Tuesday, July 5, 2011

Classical Radio and Games on Spotify

Does the absence of a classical tag in Spotify's radio page ever bother you? Well, I don't think that will change soon. Classical music is often in multiple movements, playing random movements from different works just doesn't make too much sense. Besides, the current radio interface, which categories recordings according to recorded date such as 80s/90s/00s, doesn't make sense for classical music either. Spotify will need to tag their classical catalog in different periods like: Early Music/Baroque/Classical/Romantic/20th-Century/Modern. Obviously they haven't done that yet. Thirdly, real radio with human hosts is much more fun! Why you'll ever need a Spotify radio when you have Radio 3 and BBCify?

Still, there are hidden classical radio stations on Spotify, including Mozart FM and Beethoven FM, with a gaming system. Here's how to tune into and play it in Spotify's desktop client:

1, Subscribe to this Mozart playlist: Complete Chronological Catalogue.

2, Put your Spotify in Shuffle, double click the playlist.

3, The music starts to play, do you know which piece? Can you guess it's from the early, middle or late years of Mozart's creative life? To be more specifically, the chronological position of the playing piece in Mozart's output?

4, Click the album cover at bottom-left, Spotify will go to the playing track and highlight it. Since the playlist is Mozart's complete works arranged in chronological order, the position of the scroll bar will tell you the answer.

It's the same for my chronological Beethoven playlist, and I find the Beethoven game much easier. His style had gone through sea changes and the difference is distinctive, while in Mozart, that divine instinct graced both early Salzburg works and late masterpieces.

I find this kind of "radio" more rewarding than randomly playing my whole classical collection, you can try my other composer playlists to create your own composer FM, though they are not in strict chronological order.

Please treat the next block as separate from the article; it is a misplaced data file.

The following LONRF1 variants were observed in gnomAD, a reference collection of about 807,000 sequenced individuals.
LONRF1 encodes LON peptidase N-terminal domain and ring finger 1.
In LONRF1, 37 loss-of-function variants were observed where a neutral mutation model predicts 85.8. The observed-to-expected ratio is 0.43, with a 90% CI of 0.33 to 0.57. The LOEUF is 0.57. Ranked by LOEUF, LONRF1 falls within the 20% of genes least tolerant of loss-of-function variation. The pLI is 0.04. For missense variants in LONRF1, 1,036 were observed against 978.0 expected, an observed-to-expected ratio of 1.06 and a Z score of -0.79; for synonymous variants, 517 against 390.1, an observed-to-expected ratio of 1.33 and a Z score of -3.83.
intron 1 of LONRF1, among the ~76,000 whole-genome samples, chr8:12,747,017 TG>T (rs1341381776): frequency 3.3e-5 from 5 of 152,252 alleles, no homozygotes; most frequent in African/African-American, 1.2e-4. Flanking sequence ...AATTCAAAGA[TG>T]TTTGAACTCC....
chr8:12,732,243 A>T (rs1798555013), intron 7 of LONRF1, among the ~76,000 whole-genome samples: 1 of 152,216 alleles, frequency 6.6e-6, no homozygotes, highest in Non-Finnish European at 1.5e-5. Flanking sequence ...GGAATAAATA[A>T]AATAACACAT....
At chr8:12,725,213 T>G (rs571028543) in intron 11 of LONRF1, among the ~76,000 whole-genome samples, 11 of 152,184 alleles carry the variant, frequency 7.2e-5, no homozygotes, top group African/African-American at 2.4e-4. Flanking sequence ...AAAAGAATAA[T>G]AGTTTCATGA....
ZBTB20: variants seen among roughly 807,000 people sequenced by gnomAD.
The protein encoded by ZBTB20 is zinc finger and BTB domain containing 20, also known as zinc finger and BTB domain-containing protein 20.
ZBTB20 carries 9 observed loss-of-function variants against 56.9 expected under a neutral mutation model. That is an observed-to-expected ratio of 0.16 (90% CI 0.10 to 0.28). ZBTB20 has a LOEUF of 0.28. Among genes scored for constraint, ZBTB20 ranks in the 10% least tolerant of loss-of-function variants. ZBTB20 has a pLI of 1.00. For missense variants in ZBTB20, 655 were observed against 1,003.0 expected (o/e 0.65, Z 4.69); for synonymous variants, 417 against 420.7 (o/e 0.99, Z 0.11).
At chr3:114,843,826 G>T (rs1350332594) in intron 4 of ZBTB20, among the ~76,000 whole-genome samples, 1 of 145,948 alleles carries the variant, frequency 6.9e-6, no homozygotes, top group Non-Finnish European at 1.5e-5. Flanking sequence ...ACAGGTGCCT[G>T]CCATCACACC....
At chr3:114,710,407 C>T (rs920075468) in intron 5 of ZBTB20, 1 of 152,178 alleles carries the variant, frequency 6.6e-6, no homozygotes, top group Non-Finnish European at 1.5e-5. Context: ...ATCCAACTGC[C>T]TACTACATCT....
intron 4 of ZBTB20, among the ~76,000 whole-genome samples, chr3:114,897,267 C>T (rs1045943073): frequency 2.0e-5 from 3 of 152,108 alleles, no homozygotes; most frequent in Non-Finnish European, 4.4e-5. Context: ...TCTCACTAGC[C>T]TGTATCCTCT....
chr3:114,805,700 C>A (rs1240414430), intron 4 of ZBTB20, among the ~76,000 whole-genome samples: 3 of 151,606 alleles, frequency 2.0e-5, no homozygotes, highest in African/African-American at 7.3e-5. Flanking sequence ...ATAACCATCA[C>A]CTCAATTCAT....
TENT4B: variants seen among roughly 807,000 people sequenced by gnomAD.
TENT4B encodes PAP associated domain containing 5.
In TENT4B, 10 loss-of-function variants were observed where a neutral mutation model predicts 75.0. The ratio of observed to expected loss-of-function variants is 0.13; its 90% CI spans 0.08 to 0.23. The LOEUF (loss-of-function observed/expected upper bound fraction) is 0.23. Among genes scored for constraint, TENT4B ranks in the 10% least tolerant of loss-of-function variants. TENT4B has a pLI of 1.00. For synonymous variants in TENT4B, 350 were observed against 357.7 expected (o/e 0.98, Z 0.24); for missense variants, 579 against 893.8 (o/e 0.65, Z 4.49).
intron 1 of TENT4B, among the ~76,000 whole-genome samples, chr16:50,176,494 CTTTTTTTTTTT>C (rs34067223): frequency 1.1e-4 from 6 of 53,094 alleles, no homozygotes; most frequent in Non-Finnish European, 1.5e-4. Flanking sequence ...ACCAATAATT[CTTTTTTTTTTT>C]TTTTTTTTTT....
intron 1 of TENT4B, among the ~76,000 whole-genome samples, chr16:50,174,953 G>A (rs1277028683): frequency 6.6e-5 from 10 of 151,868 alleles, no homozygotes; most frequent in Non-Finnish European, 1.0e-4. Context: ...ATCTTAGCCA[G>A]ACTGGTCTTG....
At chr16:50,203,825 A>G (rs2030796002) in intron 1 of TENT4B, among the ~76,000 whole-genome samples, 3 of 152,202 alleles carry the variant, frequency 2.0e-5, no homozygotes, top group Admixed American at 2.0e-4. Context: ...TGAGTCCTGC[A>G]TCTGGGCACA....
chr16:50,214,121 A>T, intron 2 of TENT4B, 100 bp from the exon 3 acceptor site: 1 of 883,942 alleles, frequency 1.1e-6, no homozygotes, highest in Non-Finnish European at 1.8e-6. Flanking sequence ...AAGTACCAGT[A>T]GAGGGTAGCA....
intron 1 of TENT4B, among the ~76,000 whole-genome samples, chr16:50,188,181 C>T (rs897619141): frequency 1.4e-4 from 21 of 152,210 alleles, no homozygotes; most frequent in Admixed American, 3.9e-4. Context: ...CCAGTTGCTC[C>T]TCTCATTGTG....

Other playlist that might be good to play in shuffle as a radio: 2011 New Classical Releases, Arthur Rubinstein Collection, and Classical Library For Dummies. I'm also considering creating collaborate playlists for different periods of classical music. Stay tuned.

6 comments:

  1. I didn't know about BBCify. I'm glad I do now. Thanks for pointing out this great resource. Major win!

    Your 2011 New Classical Releases playlist has nearly hit the 10,000 maximum number of tracks. Will you be creating a 'Part 2' for the second half of the year?

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  2. Thanks Martin, I didn't know about the 10k tracks limit, will do a part 2 post soon.

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  3. Is there a way to make a suggestion to Spotify? As a new user, I'm annoyed by the commercials. I understand the need to have them, but if they are going to be inserted after every movement of a symphony or concerto, can't they at least be tasteful? I really hate the blaring popular music between movements of a Beethoven concerto. Why not just a few words without the music? That's disruptive enough. It's enough to make me quit already!

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  4. Hi Laura,

    Unlike NPR, Spotify is not a public service. Their Free version is actually just for you to tryout, after six months even more restrictions will apply, 10 hours listening per month and at most 5 plays per track. Spotify don't intend the users to use Spotify Free as a music appreciation tool.

    The real product they are offering is Spotify Unlimited and Premium. For $5 per month you can get rid of all the restrictions including ads. Personally I think it's totally worth it. The out of print Philips Mozart Edition costs over $1,000 alone:)

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  5. Yeah, Laura, don't be a cheapskate. PAY for the service!

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  6. Thanks for the BBCify link! And a unique solution the lack of a proper classical radio station!

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